How to Jump the Consulting Talent Gap

Posted by Guest on September 21, 2021

Consulting Talent Gap

By: Jason Mlicki of Rattleback

Business is great. But you're down to a skeleton crew, and you can't find the people you need to go forward. Sound about right?

If you're like a growing collection of consulting firms, this statement probably feels all too true. In many firms, talent has quickly become issues #1, #2, and #3, blocking their growth objectives. Firms are finding it harder than ever to:

  • Attract top talent. Talented people simply have more options than ever before. This is especially true within critical areas of specialty digital skills -- data, analytics, AI, cyber security, automation...
  • Retain key people. Many people are simply resetting their lives. They're rethinking their entire relationship with work. Even key project leaders and senior managers are stepping aside.

If you're a consulting firm leader, you probably feel like you're riding Disneyworld’s Space Mountain. 15 months ago, demand practically collapsed over night as you flew over a cliff into the darkness. Now, there's opportunity abound. You're re-climbing a mountain in the broad daylight, but it feels like you're coming off the tracks because the supply of talent you need to make the climb is disappearing.

Is It Just Us? What's Going on Here?

In July, the Wall Street Journal reported that 7.5 million workers quit their jobs in April and May. That's nearly twice as many as a year earlier. By September, the McKinsey Quarterly put that number at 15 million U.S. workers since April. So, somewhere between 15-20 million U.S. workers will have made a job transition (not necessarily a change…as many are leaving for no new position at all) in the last 5 months alone. That's a staggering number!

An August report from Source for Consulting found that 4 out of 5 of consulting firms are finding it very difficult to recruit; some are even turning away work due to a lack of capacity.

And it doesn't look like it's going to get any easier. According to McKinsey, 41% of white-collar workers said they are at least "somewhat likely" to leave their current job in the next 3-6 months and 64% of those are willing to leave without a job in hand.


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So, What Are You Going to Do About it?

Of course, a lot of firms are opting for the simple answer. Raise pay. While this may be completely warranted, the fact of the matter is you probably can't compete with the real competition for talent. With work from home becoming a "semi-permanent" or "truly permanent" thing, technology companies are reaching all across the country to grab talent. Bay Area companies are hiring people in Boseman, Provo, Little Rock, and Portland. No need to relocate and they offer a handsome pay raise to boot.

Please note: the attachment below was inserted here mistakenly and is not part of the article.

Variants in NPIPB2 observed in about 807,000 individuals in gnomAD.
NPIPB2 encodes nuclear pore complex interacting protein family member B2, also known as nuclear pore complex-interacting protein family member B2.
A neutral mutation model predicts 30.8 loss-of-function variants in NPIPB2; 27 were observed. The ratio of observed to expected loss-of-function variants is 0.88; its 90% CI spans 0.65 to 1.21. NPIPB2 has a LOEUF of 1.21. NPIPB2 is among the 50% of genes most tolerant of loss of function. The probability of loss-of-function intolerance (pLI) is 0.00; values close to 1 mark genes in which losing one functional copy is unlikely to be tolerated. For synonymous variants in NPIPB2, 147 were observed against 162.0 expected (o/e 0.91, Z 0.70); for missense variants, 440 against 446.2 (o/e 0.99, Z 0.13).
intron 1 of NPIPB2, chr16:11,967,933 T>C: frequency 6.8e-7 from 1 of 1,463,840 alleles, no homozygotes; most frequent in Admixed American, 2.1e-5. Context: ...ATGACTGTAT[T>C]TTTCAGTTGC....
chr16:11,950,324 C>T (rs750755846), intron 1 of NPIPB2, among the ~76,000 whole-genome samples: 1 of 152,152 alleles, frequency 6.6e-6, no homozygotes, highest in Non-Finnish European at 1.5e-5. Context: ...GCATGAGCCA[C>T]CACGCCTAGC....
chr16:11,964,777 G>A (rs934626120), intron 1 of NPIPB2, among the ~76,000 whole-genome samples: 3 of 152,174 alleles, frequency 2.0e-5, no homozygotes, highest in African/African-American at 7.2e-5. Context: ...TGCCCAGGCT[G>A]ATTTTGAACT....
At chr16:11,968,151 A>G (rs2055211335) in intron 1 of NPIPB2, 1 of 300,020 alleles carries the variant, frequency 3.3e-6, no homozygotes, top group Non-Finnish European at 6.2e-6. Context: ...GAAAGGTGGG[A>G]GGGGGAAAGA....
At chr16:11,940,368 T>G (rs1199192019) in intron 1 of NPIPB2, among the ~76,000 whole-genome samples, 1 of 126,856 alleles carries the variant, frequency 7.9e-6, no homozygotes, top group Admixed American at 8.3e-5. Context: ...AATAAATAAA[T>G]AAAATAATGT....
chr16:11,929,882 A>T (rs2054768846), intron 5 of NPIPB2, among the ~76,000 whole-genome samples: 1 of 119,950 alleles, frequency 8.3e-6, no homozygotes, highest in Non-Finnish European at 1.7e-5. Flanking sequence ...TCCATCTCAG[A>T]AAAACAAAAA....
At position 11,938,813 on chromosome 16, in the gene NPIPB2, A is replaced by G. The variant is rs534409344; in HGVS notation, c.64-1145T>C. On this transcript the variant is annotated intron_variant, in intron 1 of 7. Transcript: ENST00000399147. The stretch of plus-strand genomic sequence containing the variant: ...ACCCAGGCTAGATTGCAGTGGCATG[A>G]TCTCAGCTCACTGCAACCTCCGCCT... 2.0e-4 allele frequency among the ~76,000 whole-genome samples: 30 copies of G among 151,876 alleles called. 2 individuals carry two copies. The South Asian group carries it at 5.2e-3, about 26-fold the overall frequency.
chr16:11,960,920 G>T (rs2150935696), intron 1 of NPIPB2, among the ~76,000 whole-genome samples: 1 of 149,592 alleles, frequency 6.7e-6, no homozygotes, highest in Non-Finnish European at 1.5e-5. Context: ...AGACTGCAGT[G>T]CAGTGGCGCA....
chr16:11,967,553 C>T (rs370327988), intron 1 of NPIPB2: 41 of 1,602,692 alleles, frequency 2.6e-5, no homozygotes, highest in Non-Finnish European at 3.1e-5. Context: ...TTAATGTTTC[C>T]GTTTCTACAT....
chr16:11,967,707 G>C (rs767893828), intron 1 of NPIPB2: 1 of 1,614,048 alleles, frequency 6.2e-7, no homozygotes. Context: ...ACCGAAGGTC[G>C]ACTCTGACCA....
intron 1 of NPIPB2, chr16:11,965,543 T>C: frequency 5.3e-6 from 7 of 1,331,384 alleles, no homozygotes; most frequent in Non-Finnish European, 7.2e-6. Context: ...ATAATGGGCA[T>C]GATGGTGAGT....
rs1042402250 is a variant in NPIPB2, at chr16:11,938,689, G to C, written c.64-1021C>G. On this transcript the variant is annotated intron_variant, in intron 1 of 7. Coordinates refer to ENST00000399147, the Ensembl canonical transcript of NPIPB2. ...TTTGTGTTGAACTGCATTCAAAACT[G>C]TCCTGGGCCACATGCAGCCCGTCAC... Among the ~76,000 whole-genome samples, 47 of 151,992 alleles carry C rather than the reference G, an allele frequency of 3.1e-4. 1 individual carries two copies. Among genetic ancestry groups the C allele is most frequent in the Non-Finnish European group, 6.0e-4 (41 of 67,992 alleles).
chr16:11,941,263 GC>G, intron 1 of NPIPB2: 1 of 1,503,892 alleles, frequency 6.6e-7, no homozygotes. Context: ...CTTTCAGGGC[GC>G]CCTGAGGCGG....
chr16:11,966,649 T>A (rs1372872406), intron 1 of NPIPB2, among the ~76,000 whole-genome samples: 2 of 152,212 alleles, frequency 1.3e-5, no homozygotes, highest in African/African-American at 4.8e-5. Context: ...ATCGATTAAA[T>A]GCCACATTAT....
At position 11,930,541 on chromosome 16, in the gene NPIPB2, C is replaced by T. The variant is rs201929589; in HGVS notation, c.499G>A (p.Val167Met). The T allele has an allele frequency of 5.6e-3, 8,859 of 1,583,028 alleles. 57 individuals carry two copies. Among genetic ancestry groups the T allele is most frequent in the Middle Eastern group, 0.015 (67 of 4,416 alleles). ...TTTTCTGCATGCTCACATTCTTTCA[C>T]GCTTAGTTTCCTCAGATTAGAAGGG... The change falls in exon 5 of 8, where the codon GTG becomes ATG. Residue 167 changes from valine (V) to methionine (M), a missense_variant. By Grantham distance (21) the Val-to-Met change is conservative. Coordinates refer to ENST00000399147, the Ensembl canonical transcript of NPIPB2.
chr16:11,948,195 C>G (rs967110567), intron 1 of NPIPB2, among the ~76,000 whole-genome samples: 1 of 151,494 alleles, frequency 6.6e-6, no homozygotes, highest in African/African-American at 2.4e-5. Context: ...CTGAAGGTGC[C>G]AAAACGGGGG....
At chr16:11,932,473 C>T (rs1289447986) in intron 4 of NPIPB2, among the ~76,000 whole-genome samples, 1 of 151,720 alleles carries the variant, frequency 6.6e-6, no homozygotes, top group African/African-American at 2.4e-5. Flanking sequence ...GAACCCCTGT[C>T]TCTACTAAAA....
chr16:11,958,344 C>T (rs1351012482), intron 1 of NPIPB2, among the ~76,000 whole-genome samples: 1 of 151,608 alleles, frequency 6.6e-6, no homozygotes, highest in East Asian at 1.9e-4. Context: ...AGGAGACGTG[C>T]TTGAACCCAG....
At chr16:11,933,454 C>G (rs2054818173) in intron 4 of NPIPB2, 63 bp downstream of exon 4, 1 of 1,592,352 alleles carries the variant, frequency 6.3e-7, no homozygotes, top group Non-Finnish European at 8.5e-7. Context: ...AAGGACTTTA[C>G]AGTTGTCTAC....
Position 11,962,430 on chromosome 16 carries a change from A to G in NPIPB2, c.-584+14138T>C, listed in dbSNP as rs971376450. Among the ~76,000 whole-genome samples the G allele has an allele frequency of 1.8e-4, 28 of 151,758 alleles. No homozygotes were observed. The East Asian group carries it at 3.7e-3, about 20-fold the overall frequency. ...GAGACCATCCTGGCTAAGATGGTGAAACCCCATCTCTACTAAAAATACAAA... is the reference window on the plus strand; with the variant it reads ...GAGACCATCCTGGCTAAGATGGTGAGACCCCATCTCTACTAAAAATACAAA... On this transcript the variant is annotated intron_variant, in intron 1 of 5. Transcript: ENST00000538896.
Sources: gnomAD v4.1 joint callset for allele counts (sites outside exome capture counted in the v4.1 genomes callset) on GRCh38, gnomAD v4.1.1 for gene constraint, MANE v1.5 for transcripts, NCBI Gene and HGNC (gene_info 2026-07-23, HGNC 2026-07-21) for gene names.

The problem is most consulting firms generate $200,000 - $300,000 in revenue per employee. By contrast, Google generates more like $1.7 - $1.8M per employee. Oh, and they still throw 20-30% to the bottom line. You're not going to outbid big tech when it comes to talent. So, you're going to have to get more creative.

Here are some strategies on how to get started:

  1. Double-down on your culture. Take the time to understand what really motivates people and how that intertwines with the purpose of your firm. In short, figure out what makes you great, and double down there so you can attract and retain the right people.
  2. Rethink who and how you recruit and retain. Most firms recruit from the same places and the same skills over and over again. Now more than ever, you need to be flexible. Think more about the nature of the work and the qualities that successful consultants possess, then look for untapped talent pools you can bring into the role.  
  3. Rethink your pricing models so you can grow without growing headcount. The vast majority of firms still use cost-based, one-size fits most pricing models. The price of your services is a function of the value you create and the likelihood of you delivering it.
  4. Invest in technology to connect, engage, and limit burnout. The best firms we work with use systems to make employees’ lives easier and better connect them with each other. They use systems to document and share best practices, to prioritize and organize work, to provide real-time communication and collaboration, and to visually see resource requirements and capacity problems.

Want to learn more?

Check out the on-demand webinar, where I do a deeper dive into these four strategies and what tactics other consulting firms are using to overcome the types of talent challenges you probably face. 


About the Author

As Principal of Rattleback, Jason Mlicki has been advising professional services firms on marketing matters for nearly 20 years. He writes about growth strategies, thought leadership development and digital marketing at He also co-produces the annual conference, Profiting From Thought Leadership and the professional services marketing podcast, Rattle & Pedal.